Songs in my heart or on an iPod?

Sometimes you don't need an iPod to enjoy the best music.

I perpetually have songs in my heart – hummable hymns in my throat and improvisational jazz vocals à la Ella Fitzgerald on my lips.

Alas, these locations no longer suffice.

Am I the only one who doesn't have 500 favorite songs on an electronic device the size of a pack of gum? Please tell me I'm not alone.

I must be iPod-ed to join the 21st century, according to Emma, my beloved 12-year-old goddaughter and technology guru.

Emma has a gleam in her eye and spouts attributes I hadn't considered. "Music is just the beginning," she says. "You can download videos, TV shows, audiobooks, and podcasts."

Oh, goody, podcasts. Reminder to self: Find out what a podcast is.

"And, Gabba (my godmom name), it's great for working out," she assures me.

I wonder how picking up a five-ounce sliver of technology will help me get in shape. Oh, I'm supposed to take my song-enriched little buddy, plug myself in, and jog around the park, barely noticing my huffing and puffing thanks to the distractions flooding my ears.

How in the world can I live without this contraption?

I decide to lose my musical high-tech innocence and join the cheery band of entertainment aficionados who are literally plugged in and turned on (in a tuneful fashion) at every moment.

For all I know, everyone else nods off into dreamland with iPod still attached, providing musical accompaniment for middle-of-the-night fantasies. Farewell, oh faithful flock of sheep; you can no longer count on me, nor I on you. Insomnia be gone. Here's the new bedtime ritual: brush teeth, say prayers, and hook myself up to Mozart's "Eine Kleine Nachtmusik."

Dear Emma, with a comforting solemnity, revealed, "When I was really little, I thought computers were filled with little-bitty scientists who never had to go to the bathroom."

Oh, I sarcastically tell myself, my iPod will be filled with teeny-tiny musicians with huge kidneys. Makes sense to me – and provides as much detail as I want to know about how the device works. I've always been an "If I ask you the time, please don't fly to London to check out Big Ben" type of woman.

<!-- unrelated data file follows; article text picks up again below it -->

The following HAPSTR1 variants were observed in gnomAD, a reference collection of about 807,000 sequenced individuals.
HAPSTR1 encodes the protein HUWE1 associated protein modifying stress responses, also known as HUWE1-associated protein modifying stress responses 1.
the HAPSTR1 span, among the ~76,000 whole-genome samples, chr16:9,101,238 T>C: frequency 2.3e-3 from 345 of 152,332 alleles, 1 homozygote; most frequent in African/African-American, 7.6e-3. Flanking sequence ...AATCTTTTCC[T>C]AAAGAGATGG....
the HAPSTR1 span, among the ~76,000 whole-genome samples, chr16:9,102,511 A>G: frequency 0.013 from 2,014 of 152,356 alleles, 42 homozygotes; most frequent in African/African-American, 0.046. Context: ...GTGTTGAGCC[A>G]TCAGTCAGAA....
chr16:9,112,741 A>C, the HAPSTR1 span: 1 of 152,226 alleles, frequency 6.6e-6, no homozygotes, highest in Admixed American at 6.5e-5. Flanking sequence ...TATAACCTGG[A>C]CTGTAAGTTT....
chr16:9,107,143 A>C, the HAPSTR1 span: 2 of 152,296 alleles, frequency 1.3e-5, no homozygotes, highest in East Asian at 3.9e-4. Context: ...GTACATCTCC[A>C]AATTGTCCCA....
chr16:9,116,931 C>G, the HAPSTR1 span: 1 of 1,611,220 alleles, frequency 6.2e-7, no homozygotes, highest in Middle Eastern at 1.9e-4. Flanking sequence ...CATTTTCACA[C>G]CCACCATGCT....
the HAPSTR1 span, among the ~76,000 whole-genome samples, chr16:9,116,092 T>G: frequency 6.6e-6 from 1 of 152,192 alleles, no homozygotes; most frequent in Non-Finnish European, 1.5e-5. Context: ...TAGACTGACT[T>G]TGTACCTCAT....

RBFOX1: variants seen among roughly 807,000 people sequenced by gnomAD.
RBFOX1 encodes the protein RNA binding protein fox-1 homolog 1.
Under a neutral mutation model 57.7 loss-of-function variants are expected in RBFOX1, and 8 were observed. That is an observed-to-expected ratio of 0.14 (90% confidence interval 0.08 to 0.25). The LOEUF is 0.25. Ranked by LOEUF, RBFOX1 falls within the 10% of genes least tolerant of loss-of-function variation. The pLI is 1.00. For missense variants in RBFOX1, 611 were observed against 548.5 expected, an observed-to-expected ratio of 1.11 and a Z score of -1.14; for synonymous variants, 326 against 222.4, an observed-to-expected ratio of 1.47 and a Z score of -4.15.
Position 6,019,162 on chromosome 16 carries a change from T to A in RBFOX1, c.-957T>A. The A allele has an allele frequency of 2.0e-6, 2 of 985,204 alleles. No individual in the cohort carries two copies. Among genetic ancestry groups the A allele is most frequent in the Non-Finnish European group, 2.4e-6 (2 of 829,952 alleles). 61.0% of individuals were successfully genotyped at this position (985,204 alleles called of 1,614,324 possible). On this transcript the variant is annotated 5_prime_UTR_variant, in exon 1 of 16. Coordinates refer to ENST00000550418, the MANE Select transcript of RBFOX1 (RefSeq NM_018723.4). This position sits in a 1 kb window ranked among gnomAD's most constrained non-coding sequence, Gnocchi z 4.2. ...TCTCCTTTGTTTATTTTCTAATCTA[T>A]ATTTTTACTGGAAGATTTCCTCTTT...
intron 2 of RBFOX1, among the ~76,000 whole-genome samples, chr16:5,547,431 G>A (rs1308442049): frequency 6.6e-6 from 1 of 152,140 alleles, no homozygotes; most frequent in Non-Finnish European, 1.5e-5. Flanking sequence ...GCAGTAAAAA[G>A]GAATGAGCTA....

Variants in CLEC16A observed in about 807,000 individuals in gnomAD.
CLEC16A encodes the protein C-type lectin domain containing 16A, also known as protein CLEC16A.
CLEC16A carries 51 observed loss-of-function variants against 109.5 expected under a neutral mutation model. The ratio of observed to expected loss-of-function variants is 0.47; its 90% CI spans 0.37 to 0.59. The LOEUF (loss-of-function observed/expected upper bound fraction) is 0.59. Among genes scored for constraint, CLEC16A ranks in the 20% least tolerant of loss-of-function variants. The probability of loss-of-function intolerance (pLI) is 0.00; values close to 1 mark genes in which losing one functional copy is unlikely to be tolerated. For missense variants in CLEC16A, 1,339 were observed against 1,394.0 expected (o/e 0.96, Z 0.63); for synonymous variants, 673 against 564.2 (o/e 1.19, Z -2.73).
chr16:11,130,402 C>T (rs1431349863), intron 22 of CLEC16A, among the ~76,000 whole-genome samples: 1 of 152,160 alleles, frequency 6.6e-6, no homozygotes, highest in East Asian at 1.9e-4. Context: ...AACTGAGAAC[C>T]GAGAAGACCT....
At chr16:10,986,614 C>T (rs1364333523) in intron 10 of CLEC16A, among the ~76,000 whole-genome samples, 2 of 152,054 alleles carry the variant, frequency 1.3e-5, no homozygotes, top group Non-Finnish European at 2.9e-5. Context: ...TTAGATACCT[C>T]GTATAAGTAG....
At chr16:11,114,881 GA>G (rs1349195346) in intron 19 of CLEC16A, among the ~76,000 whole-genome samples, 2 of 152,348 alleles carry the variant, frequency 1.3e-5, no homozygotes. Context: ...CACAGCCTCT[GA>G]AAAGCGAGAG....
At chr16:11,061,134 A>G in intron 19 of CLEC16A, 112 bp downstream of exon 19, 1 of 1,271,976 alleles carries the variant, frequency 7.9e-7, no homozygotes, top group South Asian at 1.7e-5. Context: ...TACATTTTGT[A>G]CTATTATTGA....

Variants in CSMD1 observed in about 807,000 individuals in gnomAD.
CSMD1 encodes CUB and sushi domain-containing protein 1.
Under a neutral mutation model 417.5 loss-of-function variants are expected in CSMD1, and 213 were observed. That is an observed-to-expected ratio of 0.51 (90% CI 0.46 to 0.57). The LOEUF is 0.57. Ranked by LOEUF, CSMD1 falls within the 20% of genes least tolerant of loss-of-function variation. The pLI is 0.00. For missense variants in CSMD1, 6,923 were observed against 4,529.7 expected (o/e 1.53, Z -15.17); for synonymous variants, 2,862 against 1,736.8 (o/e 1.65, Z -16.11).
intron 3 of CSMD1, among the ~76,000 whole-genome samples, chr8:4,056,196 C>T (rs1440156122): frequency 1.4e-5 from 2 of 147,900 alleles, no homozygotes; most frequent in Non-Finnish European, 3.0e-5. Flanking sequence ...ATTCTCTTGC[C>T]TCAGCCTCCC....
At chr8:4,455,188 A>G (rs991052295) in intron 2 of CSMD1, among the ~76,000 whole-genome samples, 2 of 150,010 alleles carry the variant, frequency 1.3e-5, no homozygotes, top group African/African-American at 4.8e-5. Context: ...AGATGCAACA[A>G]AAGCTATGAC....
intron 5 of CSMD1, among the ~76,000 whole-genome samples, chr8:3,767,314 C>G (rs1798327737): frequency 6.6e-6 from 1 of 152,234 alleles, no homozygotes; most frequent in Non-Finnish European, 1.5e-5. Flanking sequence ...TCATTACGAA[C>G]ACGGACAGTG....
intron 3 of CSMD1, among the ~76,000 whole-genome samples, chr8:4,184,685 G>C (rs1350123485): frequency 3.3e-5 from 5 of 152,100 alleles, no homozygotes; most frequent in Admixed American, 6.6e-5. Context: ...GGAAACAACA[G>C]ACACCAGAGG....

To surprise Emma, I decided to make a fool of myself and continue my tendency to fake high-tech knowledge by bravely venturing into my local iPod-stocked retailer. My plan was to seek guidance from a salesperson who would be gentle with me.

I found him. The fine young fellow was informative, patient, and a heck of a good salesman considering all the accessories I now own in addition to my hot-pink encased, two-gigabyte toy (treasure).

Tony Bennett may have left his heart on the West Coast, but his dulcet tones join a plethora of entertaining mayhem within my grasp: symphonies by Bach and Beethoven, poignant country-and-western music, Broadway show tunes and all that jazz, NPR interviews, even an exercise video.

Podcasts are the next wave of my downloadable future.

Sure, you're impressed by my high-tech abilities. No need to be jealous. Emma did all the downloading work, smiled her I-love-you-godmom grin, and convinced me to let her borrow my iPod – for just a little while.

She'll return it – eventually – but until she does, I'll find satisfaction with the perpetual songs in my heart.

Share this story:

We want to hear, did we miss an angle we should have covered? Should we come back to this topic? Or just give us a rating for this story. We want to hear from you.




Save for later


Saved ( of items)

This item has been saved to read later from any device.
Access saved items through your user name at the top of the page.

View Saved Items


Failed to save

You reached the limit of 20 saved items.
Please visit following link to manage you saved items.

View Saved Items


Failed to save

You have already saved this item.

View Saved Items